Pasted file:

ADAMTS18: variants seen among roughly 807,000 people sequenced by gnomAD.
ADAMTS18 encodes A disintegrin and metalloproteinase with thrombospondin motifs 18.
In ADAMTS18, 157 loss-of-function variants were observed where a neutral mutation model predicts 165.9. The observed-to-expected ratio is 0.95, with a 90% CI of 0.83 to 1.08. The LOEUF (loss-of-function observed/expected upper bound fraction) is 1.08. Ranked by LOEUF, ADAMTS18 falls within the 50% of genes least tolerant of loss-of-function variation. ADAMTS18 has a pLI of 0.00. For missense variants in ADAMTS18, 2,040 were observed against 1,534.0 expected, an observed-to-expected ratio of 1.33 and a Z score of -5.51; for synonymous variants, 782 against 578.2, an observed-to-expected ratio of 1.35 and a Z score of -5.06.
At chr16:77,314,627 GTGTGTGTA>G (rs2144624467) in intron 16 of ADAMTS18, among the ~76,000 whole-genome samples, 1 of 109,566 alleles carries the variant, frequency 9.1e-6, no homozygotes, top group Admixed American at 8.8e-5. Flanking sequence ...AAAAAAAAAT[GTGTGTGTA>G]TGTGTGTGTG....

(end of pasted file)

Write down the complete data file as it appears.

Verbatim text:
ADAMTS18: variants seen among roughly 807,000 people sequenced by gnomAD.
ADAMTS18 encodes A disintegrin and metalloproteinase with thrombospondin motifs 18.
In ADAMTS18, 157 loss-of-function variants were observed where a neutral mutation model predicts 165.9. The observed-to-expected ratio is 0.95, with a 90% CI of 0.83 to 1.08. The LOEUF (loss-of-function observed/expected upper bound fraction) is 1.08. Ranked by LOEUF, ADAMTS18 falls within the 50% of genes least tolerant of loss-of-function variation. ADAMTS18 has a pLI of 0.00. For missense variants in ADAMTS18, 2,040 were observed against 1,534.0 expected, an observed-to-expected ratio of 1.33 and a Z score of -5.51; for synonymous variants, 782 against 578.2, an observed-to-expected ratio of 1.35 and a Z score of -5.06.
At chr16:77,314,627 GTGTGTGTA>G (rs2144624467) in intron 16 of ADAMTS18, among the ~76,000 whole-genome samples, 1 of 109,566 alleles carries the variant, frequency 9.1e-6, no homozygotes, top group Admixed American at 8.8e-5. Flanking sequence ...AAAAAAAAAT[GTGTGTGTA>G]TGTGTGTGTG....